Hawkeye Poll: Most Iowans oppose impeachment inquiry into President Trump

The Hawkeye Poll surveyed 1,288 registered voters in Iowa between Oct. 28 and Nov. 10, and most Iowans reported they oppose the impeachment inquiry into President Trump’s dealings with Ukraine — a higher percentage than the national average.


Wyatt Dlouhy

President Donald Trump pauses during a speech at the Iowa GOP’s America First Dinner at the Ron Pearson Center in West Des Moines on June 11, 2019.

Julia Shanahan and Sarah Watson, Politics Editors

Most Iowans oppose the impeachment inquiry into President Trump, according to a November Hawkeye Poll conducted by University of Iowa faculty and students.

Fifty-three percent of Iowans surveyed say they oppose the inquiry and 44.8 percent approve, with Republicans and Democrats being nearly uniform in their responses and independents divided over the inquiry. 

The ongoing impeachment hearings into Trump — which opened to the public for the first time Nov. 13 — are investigating a July phone call to Ukraine, on which Democrats contend Trump withheld foreign aid to Ukraine in exchange for an investigation into a political rival, Democratic presidential hopeful Joe Biden. Republicans contend the president hasn’t violated any laws and was engaging in diplomacy.

The Hawkeye Poll surveyed 1,288 registered voters in Iowa by telephone between Oct. 28 and Nov. 10 and has a margin of error of +/-2.8 percentage points. The poll was conducted after House Speaker Nancy Pelosi, a California Democrat, announced a formal impeachment inquiry in September, and committees began closed-door hearings, but before witnesses began publicly testifying Nov. 13. 

A plurality of the people surveyed, 47.5 percent, considered the community they live in to be rural. According to the poll, 65.7 percent of respondents who live in rural communities disapprove of the impeachment inquiry. 

The poll also showed that more Iowans disapprove of the president than approve of him. Trump’s approval rating in Iowa, 45.8 percent, falls just below the percent of Iowans who disapprove of the president, 48.7 percent. A plurality of respondents, 46.8 percent, think Trump’s dealings with Ukraine were for a personal interest, and nearly 40 percent think the dealings were for a national interest.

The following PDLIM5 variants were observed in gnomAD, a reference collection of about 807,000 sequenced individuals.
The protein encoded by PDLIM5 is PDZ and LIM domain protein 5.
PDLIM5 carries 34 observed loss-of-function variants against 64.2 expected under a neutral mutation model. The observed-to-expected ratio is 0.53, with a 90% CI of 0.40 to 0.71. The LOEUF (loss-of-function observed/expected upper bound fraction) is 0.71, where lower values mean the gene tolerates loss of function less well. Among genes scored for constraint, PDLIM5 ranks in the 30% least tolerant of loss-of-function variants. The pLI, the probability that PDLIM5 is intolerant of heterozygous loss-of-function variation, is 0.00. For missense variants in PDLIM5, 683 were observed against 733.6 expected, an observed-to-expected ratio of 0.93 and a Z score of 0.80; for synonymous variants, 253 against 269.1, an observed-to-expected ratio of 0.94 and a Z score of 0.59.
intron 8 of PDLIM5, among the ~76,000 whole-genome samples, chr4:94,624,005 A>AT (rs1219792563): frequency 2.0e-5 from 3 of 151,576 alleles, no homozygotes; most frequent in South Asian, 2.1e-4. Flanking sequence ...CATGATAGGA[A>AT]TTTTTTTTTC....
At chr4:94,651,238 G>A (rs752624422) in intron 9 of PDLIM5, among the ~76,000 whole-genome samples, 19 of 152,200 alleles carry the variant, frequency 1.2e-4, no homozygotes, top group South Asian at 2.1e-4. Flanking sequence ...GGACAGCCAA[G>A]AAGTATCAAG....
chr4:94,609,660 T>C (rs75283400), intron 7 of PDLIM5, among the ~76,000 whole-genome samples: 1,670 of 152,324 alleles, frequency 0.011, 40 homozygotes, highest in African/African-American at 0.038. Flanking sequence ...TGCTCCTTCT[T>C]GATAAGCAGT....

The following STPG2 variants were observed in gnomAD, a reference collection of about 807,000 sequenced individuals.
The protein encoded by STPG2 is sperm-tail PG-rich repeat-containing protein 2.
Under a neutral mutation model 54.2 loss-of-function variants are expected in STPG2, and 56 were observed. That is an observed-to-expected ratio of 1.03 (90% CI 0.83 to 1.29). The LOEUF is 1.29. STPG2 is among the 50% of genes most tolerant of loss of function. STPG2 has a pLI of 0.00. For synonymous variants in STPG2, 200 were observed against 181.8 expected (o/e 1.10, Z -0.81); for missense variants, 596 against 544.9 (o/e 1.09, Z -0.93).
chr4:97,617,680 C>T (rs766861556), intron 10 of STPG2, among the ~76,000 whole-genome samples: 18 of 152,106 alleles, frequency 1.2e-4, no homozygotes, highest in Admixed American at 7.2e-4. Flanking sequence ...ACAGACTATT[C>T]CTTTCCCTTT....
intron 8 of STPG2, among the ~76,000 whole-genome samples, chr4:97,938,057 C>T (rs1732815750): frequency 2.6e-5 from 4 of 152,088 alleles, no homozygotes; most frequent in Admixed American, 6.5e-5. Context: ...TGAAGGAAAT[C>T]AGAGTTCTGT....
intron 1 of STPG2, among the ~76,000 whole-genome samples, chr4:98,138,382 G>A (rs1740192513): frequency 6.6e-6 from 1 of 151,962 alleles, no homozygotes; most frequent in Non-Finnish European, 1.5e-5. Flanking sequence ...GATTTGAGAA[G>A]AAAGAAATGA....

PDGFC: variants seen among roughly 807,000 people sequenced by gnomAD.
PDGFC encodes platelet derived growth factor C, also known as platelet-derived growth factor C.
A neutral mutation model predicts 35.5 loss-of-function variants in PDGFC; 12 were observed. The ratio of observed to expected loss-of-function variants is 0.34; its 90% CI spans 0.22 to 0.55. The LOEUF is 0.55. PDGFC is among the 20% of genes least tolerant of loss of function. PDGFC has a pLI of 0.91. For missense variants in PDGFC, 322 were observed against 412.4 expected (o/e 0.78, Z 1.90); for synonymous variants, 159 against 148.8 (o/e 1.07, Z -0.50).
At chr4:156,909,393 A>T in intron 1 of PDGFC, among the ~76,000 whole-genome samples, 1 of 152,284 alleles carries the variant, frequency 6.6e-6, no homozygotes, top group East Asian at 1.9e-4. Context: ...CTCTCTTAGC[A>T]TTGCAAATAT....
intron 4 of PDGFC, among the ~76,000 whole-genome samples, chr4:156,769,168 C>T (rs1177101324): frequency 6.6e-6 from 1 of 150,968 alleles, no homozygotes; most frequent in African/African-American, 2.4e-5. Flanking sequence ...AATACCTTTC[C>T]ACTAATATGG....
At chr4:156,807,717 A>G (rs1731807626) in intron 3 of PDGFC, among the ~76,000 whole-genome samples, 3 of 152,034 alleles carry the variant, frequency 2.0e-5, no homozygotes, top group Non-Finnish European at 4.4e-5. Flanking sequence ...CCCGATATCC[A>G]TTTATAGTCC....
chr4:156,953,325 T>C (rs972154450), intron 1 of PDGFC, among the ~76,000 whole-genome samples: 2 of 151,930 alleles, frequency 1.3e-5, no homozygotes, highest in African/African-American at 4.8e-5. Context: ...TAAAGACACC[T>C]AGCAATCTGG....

UI Professor Frederick Boehmke, a faculty adviser for the Hawkeye Poll, and he said the amount of respondents who showed interest in a Republican challenger was one the most surprising results. Nearly two-thirds of respondents said they would like to see a strong Republican challenger to Trump, and 42.6 percent of Republicans surveyed said they had interest in seeing a Republican challenger.

“That is more than you would expect among the president’s party,” Boehmke said. He added that the number of registered Republicans who would like to see a Republican challenger does not necessarily mean that they don’t support Trump, but Boehmke said he thinks that some of those voters would rather see a nominee with less public controversy.

Boehmke said Trump’s nontraditional presidency drove pollsters to add the question about a Republican challenger and to word it in a way that avoided asking the respondents about their like or dislike for the president.

According to a separate poll, the Des Moines Register/CNN/Mediacom Iowa Poll conducted in early November, support for Trump among registered Iowa Republicans is at an all-time high, with 85 percent approving and 76 percent saying they would reelect him.

The Hawkeye Poll’s results show more Iowans oppose the impeachment inquiry than the rest of the country.

RELATED: The impeachment inquiry: How professors approach a historical yet political current event in the classroom 

In a Nov. 19 national poll from FiveThirtyEight, nearly 48 percent of Americans support the current impeachment inquiry proceedings and 45 percent oppose it — 8 percentage points lower than respondents of the Hawkeye Poll who oppose the inquiry. Looking at polls that only asked Americans if they would support the beginning of impeachment proceedings into Trump (not asking about his removal from office), the percentage of people who supported beginning an inquiry jumped from 37 percent on Sept. 19 to 51 percent on Tuesday.

The Hawkeye Poll, conducted since 2007, deployed 250 students this year to participate in conducting the poll.  The Political Science Department, the College of Liberal Arts and Sciences, and the UI Public Policy Center fund the poll.